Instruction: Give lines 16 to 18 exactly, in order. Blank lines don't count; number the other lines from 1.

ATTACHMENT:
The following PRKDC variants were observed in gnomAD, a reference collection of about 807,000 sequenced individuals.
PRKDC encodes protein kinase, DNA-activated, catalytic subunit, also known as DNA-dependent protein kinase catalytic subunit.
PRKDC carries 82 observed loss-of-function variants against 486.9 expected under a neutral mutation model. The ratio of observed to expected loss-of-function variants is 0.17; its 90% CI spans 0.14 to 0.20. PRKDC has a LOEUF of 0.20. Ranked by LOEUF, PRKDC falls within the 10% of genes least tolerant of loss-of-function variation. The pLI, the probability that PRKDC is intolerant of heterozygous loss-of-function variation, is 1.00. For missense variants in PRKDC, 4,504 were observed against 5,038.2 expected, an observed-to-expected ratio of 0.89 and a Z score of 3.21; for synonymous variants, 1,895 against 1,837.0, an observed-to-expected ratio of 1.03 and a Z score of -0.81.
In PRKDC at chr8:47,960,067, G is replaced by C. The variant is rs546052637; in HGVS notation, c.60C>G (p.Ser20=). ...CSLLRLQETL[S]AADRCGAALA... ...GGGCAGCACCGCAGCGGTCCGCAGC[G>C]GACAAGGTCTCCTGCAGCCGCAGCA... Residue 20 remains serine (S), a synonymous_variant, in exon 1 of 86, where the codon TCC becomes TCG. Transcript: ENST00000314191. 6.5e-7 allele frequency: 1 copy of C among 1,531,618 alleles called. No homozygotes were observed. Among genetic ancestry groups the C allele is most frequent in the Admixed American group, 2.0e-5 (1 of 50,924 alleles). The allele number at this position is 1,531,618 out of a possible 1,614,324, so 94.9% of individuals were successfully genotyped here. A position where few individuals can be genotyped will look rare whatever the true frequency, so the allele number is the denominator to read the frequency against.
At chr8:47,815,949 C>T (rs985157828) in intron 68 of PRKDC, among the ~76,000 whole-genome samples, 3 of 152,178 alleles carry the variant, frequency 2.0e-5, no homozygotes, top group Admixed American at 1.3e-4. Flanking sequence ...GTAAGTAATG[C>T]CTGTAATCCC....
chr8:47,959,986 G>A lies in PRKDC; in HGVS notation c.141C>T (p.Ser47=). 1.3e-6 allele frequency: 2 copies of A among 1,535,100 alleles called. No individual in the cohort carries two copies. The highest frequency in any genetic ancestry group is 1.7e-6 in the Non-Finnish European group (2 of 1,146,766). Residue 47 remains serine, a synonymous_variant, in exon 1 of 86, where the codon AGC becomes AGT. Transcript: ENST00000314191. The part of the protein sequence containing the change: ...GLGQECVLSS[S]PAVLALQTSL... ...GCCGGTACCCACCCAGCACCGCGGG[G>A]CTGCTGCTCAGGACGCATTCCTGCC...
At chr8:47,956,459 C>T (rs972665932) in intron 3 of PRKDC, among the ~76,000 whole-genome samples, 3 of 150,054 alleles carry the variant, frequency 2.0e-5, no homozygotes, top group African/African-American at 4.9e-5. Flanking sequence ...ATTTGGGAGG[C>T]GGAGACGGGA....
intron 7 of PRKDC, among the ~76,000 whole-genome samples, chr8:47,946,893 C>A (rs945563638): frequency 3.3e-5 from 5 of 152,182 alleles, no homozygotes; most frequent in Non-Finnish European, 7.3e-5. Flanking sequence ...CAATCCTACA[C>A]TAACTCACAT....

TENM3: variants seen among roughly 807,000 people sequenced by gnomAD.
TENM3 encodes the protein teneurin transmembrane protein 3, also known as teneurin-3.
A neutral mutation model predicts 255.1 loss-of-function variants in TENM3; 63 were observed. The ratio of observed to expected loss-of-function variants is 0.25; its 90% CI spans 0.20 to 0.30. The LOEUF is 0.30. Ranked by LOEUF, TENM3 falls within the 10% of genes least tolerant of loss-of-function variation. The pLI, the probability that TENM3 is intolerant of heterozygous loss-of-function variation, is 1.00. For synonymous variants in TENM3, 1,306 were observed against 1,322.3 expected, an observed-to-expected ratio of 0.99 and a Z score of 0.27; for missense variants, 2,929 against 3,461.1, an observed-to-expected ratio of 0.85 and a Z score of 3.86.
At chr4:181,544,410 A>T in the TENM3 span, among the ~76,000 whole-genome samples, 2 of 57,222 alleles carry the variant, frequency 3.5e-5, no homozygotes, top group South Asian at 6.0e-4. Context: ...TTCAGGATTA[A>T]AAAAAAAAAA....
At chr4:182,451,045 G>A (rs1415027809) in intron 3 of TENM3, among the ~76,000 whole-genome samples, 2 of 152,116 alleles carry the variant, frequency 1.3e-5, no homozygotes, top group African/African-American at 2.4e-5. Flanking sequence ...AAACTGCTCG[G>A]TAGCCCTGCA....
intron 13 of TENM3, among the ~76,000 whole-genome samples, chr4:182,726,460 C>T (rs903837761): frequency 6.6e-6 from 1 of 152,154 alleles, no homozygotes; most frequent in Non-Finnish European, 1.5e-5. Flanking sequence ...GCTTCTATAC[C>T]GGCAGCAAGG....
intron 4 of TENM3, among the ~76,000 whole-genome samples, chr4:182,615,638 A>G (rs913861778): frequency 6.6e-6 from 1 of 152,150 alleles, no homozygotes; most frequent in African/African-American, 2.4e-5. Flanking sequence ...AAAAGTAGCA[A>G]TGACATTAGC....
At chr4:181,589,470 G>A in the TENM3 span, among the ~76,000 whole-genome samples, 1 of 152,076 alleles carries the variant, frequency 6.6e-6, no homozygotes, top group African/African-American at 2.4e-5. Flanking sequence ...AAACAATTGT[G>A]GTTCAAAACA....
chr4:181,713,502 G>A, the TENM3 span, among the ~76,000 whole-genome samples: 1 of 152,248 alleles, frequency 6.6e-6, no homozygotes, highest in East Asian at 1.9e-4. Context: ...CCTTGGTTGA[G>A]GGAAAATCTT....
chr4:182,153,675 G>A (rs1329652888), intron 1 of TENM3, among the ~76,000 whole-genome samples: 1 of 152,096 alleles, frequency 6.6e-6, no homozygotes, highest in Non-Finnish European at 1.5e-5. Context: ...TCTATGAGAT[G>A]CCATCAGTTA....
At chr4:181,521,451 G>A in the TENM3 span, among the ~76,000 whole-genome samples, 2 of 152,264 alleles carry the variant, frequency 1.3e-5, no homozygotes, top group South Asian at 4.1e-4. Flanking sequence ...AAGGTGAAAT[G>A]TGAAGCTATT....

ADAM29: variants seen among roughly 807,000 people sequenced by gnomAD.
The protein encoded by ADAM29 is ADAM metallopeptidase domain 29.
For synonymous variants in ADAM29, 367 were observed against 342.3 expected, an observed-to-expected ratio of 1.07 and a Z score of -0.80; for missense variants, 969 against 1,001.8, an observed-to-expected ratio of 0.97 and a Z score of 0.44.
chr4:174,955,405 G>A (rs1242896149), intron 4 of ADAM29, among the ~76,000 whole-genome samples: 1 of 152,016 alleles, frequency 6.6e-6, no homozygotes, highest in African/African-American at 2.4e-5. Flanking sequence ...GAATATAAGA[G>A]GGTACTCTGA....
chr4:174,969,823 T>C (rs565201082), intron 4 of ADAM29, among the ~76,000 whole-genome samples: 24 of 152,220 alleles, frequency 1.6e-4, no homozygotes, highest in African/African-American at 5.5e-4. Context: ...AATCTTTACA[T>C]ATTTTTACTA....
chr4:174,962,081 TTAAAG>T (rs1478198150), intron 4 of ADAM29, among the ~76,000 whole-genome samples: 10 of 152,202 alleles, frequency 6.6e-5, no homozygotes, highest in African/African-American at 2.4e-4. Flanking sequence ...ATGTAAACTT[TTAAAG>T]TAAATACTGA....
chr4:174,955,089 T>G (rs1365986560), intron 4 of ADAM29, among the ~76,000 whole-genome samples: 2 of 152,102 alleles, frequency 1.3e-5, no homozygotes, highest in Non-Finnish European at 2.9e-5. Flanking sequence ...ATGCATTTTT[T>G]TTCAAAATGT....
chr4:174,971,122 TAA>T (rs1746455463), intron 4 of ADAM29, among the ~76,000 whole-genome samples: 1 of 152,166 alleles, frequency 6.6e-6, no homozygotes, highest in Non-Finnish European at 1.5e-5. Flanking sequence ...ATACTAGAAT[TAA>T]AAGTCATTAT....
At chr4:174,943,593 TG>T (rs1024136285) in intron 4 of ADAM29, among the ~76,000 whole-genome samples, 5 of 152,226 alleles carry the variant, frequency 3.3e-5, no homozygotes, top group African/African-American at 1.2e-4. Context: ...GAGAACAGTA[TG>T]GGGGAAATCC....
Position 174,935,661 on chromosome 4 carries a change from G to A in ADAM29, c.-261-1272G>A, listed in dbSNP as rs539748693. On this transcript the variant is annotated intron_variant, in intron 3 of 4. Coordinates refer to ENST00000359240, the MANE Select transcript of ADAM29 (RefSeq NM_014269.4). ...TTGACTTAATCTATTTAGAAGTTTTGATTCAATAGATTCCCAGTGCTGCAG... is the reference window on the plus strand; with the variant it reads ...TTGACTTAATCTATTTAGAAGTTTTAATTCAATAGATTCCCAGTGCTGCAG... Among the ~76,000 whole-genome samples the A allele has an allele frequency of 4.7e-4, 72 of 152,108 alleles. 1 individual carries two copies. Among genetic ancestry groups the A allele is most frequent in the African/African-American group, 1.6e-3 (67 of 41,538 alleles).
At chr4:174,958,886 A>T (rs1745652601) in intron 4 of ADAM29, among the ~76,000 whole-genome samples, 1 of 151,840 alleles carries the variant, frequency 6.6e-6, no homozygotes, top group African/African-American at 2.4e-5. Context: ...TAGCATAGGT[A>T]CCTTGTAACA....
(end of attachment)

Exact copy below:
At chr4:181,589,470 G>A in the TENM3 span, among the ~76,000 whole-genome samples, 1 of 152,076 alleles carries the variant, frequency 6.6e-6, no homozygotes, top group African/African-American at 2.4e-5. Flanking sequence ...AAACAATTGT[G>A]GTTCAAAACA....
chr4:181,713,502 G>A, the TENM3 span, among the ~76,000 whole-genome samples: 1 of 152,248 alleles, frequency 6.6e-6, no homozygotes, highest in East Asian at 1.9e-4. Context: ...CCTTGGTTGA[G>A]GGAAAATCTT....
chr4:182,153,675 G>A (rs1329652888), intron 1 of TENM3, among the ~76,000 whole-genome samples: 1 of 152,096 alleles, frequency 6.6e-6, no homozygotes, highest in Non-Finnish European at 1.5e-5. Context: ...TCTATGAGAT[G>A]CCATCAGTTA....